I can understand your feelings towards Christianity as you see it. There are incredibly difficult things in the Bible. In some ways, for me, I don't feel its necessary to apologize for the Bible or its contents. The Bible is unashamedly real and unvarnished. Its presents humanking in its fullest spectrum, without the primrose glasses or antiseptically cleaned up versions. What we are willing to allow for the bible is mostly conditioned by our presuppositions. When people comment on the ethically problematic elements within the Bible I have to ask the question, where are you grounding your ethics for such a critique? It seems to me, secular humanism is trading on borrowed capital from the Christian religion when it uses the ethics of Christianity against itself. I think part of the problem in assessing Christianity as a whole is that we may only have contact with a limited amount of presentations or perspectives and those can be taken to represent all of them. I share your philosophical naturalist appreciation, but for me, I was able to find within Christianity an appreciation for those things in certain strands. Far from shutting off one's brain, its actually encournaged to use one's brain as we are called to love the lord our God with all our minds. Thats my first rough pass to start the conversation off. Let me know your thoughts.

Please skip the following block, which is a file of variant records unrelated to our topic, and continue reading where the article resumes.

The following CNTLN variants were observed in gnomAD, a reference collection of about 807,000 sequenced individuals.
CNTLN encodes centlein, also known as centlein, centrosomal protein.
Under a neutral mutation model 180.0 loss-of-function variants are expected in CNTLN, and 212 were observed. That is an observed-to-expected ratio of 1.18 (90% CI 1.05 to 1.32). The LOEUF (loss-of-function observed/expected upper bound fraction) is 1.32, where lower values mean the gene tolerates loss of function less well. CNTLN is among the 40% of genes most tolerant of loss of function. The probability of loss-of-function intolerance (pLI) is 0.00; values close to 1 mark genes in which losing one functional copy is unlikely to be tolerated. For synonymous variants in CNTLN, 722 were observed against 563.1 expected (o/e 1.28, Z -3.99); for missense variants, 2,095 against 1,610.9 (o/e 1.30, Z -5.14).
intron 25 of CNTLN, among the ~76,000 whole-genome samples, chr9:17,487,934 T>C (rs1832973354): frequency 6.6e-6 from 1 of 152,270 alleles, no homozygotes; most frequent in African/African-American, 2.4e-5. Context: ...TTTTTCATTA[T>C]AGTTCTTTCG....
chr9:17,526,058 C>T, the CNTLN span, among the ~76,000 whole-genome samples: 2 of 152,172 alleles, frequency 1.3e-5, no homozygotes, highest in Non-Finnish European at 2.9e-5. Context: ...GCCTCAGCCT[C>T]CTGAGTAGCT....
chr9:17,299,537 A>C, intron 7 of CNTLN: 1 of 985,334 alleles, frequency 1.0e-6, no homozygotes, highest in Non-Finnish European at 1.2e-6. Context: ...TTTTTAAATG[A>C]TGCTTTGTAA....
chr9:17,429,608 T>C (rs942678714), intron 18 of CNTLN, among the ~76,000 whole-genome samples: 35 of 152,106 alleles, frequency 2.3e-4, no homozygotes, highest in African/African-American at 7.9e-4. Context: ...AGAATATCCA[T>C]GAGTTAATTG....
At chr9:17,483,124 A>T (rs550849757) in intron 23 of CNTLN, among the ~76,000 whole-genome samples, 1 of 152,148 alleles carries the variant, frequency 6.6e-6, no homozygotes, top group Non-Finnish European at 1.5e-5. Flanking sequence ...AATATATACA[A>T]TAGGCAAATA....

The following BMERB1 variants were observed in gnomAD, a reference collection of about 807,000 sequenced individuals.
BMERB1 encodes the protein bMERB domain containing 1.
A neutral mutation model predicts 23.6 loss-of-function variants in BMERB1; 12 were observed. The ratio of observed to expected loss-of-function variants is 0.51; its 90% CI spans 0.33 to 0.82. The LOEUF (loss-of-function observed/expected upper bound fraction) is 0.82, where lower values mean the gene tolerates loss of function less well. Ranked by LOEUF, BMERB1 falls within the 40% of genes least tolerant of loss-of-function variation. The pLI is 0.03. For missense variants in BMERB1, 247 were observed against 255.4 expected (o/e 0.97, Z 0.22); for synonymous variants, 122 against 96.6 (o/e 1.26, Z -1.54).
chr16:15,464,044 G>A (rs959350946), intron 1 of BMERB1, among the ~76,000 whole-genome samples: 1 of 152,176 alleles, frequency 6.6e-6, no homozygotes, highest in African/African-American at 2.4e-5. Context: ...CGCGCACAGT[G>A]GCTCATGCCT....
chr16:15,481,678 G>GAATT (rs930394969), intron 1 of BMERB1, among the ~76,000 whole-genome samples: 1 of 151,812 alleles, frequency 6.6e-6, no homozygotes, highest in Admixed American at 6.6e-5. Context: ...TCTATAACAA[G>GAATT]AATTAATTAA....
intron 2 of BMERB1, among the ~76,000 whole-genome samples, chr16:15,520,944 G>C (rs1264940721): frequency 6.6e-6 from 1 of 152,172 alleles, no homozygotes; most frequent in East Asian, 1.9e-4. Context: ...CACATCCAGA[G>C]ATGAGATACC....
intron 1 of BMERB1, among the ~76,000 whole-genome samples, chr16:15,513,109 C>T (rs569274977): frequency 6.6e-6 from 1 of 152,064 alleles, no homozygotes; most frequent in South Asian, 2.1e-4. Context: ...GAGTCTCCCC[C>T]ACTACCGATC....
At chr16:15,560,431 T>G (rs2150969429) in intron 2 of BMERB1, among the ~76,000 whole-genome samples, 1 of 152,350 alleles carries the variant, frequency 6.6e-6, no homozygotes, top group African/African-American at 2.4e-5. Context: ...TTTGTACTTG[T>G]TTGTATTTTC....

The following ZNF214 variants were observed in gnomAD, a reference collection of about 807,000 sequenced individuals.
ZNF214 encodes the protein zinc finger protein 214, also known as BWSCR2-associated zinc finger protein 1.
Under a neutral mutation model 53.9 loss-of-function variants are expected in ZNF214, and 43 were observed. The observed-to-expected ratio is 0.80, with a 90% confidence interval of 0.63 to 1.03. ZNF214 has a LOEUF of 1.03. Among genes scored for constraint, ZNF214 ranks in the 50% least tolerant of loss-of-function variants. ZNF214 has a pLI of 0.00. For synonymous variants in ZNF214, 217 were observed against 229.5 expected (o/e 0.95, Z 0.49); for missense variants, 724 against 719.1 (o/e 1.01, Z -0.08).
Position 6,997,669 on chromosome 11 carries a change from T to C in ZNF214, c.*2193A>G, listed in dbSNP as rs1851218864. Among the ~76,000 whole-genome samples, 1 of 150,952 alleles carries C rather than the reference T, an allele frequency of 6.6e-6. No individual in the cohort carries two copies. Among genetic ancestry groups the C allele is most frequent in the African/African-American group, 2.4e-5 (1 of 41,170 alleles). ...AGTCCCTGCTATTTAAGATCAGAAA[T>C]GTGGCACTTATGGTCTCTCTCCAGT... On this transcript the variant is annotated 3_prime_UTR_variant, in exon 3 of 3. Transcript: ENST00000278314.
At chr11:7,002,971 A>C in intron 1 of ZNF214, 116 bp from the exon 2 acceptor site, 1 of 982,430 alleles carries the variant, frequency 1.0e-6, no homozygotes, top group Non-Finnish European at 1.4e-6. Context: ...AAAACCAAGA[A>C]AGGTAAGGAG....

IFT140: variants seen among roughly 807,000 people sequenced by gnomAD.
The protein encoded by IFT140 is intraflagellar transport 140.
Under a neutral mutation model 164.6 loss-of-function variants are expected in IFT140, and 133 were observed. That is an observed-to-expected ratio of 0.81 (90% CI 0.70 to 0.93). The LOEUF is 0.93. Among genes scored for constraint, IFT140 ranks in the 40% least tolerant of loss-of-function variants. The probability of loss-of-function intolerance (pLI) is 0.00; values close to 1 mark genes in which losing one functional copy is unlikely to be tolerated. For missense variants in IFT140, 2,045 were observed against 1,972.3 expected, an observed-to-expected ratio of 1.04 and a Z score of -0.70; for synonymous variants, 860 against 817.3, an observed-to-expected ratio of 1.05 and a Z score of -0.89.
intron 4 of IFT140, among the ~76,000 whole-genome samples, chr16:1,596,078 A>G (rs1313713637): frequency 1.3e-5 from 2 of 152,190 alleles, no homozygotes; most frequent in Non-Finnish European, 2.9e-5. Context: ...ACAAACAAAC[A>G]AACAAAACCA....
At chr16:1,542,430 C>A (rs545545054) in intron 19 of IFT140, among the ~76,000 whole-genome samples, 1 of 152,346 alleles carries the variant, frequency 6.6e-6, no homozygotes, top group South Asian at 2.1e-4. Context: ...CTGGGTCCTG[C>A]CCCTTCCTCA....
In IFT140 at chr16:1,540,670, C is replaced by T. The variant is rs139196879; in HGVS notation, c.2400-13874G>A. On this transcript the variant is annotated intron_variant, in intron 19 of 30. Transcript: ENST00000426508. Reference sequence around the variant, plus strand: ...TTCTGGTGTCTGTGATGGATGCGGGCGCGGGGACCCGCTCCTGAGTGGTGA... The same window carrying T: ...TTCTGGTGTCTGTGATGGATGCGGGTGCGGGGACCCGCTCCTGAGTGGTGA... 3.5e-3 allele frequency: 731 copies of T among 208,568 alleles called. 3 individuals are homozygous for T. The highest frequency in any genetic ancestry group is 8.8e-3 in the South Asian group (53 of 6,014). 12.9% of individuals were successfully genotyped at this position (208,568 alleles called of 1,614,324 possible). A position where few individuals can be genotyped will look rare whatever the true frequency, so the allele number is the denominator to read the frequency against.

Steve

Spencer Troxell said...

'It seems to me that secular humanism is unwilling to acknowledge the capacity for evil that is perpetrated everyday by human beings. They root the source of these things in a lack of knowledge or culturally conditioned situations but I think that undermines the true capacities of human beings for both good or evil.'

I believe in evil, and abhor relativism.